But it's not just Australian hotels that need to prepare for an upsurge in domestic tourism. Hong Kong is hopeful residents will explore their own city after their "Hello Hong Kong – Holiday at Home" campaign and South Korea is encouraging domestic travel by allowing pairs or small groups to travel in programs for specific age groups.
So what can the Australian hotel sector do to maintain a premium experience for domestic travellers who are used to the five-star experience abroad?
Focus on sustainability
The closing of the border, the shutdown in travel and the many lockdowns over the past 18 months have given Australians a moment of reflection to reassess life decisions, including the impact they want to have on the environment when they travel.
Booking.com's Future of Travel Report showed that COVID-19 has increased our awareness of responsible choices - 41% of Aussie travellers want to travel more sustainably, and 62% expect more sustainable travel options.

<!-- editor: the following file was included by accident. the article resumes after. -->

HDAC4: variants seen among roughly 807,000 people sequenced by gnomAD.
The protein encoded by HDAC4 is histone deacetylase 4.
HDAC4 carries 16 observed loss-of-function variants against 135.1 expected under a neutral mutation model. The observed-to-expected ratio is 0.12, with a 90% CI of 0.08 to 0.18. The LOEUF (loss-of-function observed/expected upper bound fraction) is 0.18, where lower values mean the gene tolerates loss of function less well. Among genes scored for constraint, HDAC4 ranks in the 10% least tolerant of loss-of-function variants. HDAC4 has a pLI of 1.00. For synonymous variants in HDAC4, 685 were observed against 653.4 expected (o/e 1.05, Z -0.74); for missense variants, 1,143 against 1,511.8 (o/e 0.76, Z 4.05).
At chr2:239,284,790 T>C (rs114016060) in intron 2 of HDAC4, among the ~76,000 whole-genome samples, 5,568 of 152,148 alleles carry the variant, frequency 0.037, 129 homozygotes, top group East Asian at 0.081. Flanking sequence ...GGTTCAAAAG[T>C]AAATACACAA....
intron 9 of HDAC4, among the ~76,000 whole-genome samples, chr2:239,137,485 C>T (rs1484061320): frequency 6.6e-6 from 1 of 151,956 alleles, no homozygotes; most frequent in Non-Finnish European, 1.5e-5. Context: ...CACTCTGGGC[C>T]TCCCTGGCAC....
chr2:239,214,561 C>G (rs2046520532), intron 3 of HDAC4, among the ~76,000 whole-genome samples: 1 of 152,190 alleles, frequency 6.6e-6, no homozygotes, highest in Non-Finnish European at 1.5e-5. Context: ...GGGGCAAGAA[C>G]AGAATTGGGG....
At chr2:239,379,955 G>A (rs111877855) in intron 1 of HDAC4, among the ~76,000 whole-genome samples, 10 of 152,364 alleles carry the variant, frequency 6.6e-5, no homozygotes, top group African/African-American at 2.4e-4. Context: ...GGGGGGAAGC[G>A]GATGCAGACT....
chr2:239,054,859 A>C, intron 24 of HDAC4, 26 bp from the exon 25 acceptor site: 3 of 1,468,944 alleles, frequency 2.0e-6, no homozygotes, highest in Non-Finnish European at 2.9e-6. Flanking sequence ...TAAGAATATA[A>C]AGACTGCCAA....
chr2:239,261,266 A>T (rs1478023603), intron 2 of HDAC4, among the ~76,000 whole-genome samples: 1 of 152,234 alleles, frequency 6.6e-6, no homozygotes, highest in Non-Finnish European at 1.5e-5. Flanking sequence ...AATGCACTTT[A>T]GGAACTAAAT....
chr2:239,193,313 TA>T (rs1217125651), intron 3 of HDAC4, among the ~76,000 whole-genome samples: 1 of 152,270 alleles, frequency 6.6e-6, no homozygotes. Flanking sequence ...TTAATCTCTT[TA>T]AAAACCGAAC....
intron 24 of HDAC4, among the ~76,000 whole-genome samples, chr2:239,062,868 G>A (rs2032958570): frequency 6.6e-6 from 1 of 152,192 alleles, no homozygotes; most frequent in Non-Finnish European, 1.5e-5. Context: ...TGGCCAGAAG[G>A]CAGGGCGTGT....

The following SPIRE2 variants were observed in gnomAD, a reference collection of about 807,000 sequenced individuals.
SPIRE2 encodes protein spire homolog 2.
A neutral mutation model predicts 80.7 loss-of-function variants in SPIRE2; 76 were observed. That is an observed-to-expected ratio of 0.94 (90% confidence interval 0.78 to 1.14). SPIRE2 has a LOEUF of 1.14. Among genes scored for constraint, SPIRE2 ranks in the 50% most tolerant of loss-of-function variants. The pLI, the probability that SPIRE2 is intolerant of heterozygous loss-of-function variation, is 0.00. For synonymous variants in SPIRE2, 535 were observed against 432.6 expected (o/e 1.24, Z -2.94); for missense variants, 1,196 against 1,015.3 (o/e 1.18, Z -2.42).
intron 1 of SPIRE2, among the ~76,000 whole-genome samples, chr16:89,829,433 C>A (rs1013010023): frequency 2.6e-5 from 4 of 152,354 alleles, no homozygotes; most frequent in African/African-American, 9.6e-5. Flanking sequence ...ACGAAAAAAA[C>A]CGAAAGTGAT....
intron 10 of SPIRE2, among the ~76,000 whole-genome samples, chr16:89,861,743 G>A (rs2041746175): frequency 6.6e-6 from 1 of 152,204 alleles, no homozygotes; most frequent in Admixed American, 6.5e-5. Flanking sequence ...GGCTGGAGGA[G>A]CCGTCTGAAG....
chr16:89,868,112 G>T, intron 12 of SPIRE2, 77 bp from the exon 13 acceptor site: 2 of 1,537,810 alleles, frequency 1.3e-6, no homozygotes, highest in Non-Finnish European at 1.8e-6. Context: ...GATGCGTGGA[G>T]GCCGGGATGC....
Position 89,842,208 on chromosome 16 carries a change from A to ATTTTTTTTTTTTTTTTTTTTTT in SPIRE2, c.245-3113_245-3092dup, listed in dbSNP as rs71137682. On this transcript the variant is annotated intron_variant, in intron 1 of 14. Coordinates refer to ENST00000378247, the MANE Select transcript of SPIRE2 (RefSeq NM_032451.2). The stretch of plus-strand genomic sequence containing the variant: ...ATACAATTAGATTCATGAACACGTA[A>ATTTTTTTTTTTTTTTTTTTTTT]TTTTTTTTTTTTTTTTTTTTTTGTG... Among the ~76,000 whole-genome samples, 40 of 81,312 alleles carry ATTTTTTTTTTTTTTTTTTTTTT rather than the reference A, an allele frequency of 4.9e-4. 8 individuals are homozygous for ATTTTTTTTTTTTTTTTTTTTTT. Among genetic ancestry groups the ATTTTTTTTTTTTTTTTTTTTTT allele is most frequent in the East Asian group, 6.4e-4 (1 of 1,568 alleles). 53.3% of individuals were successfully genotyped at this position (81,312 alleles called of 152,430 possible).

Tourism Australia managing director Phillipa Harrison said, "Demand for sustainable tourism practices is increasing as more and more people acknowledge travel as a positive force for good".
What does this look like? Tourism Australia predicts it will take many forms, from supporting local businesses by shopping at local wineries, bakeries or butchers to getting involved at the grassroots level by choosing tours and experiences like planting trees to re-establish koala habitat post-bushfires.
So whether you choose new ways to reduce, reuse and recycle, partner with local businesses to provide local produce on your menus, or work on offering sustainable experiences to your guests, consider how you can up your sustainability credentials to attract this new breed of domestic traveller.